Nikon AF-S DX 12-24mm f/4G IF-ED £840, $1100
This lens is a real old-timer that still commands an extravagant asking price – but should it?
Whereas the Nikon 1024mm was launched back in 2009, this lens dates from 2003, preceding even the D70 camera which brought D-SLR photography to the masses. Even relatively ancient lenses can still be extremely good, and you’d certainly have high hopes for this one, given that it’s the most expensive DX-format ultra-wide lens on the market.
Features include fast, quiet ring-type ultrasonic autofocus and a constant aperture. Even so, it’s a stop slower than the Tokina 11-16mm lens, and is also marginally beaten by the Sigma 10-20mm f/3.5. It lacks the weather-seal ring on the mounting plate which is featured on the Nikon 10-20mm and both Tokina lenses. As for handling, there’s nothing to choose between the two Nikons, although the maximum angle of view is reduced in this lens.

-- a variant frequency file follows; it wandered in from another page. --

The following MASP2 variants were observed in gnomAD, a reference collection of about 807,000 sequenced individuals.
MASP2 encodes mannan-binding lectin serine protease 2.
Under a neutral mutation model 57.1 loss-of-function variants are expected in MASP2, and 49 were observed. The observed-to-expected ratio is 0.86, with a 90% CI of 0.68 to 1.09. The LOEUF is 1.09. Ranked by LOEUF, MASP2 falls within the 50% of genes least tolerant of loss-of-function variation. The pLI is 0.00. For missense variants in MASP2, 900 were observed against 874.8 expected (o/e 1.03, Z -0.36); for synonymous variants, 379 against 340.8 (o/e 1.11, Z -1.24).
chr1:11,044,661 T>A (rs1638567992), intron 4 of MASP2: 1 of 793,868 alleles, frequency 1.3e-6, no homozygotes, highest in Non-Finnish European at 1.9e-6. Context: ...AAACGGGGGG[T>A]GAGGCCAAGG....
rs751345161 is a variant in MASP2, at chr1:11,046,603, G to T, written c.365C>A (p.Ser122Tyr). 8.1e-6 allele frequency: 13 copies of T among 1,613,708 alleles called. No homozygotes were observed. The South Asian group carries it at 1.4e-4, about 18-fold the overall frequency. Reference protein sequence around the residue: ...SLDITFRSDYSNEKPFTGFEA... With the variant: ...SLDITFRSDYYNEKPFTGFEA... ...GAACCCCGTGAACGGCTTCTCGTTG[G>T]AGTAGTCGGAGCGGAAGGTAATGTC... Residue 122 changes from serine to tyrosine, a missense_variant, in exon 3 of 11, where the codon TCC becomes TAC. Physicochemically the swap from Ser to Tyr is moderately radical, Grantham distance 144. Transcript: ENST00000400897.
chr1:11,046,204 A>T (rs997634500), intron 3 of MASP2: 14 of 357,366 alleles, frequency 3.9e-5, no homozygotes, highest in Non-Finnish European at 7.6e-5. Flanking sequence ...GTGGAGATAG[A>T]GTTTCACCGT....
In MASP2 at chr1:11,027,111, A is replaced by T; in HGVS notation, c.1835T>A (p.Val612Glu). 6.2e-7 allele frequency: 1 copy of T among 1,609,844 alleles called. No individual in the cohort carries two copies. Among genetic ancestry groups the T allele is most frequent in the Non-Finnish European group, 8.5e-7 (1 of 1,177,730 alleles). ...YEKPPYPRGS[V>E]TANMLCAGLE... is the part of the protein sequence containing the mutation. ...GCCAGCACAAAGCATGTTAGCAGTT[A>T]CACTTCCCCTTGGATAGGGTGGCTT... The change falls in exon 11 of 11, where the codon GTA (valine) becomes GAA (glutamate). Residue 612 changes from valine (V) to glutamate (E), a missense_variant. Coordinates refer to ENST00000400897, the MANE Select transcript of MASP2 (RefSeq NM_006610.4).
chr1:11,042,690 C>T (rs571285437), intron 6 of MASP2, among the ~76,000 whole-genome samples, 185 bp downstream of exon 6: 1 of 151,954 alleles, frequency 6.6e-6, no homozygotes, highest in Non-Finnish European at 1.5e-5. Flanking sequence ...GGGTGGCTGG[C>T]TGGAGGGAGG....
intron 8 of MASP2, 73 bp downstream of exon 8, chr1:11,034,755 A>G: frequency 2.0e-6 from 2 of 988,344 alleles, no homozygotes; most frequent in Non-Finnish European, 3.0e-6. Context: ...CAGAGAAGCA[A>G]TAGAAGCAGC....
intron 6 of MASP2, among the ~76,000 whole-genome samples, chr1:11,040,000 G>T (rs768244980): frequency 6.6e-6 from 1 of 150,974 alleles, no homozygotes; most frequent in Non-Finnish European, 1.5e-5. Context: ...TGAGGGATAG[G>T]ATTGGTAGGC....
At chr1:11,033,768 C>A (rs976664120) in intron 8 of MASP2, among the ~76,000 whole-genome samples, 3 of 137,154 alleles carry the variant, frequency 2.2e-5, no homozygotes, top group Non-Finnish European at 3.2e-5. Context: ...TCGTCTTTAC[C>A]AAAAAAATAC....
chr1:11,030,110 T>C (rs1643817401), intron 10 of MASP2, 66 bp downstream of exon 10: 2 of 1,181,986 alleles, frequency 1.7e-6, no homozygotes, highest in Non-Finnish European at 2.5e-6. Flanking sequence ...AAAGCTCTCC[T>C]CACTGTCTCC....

Considering its high price, performance from this lens is disappointing. Lab results for sharpness were the poorest in the whole group, and while colour fringing is low at 12mm, it’s worse than average at mid to long zoom settings. Taking everything into account, the Nikon looks overpriced compared with independently made competitors, as well as its own 10-20mm stablemate.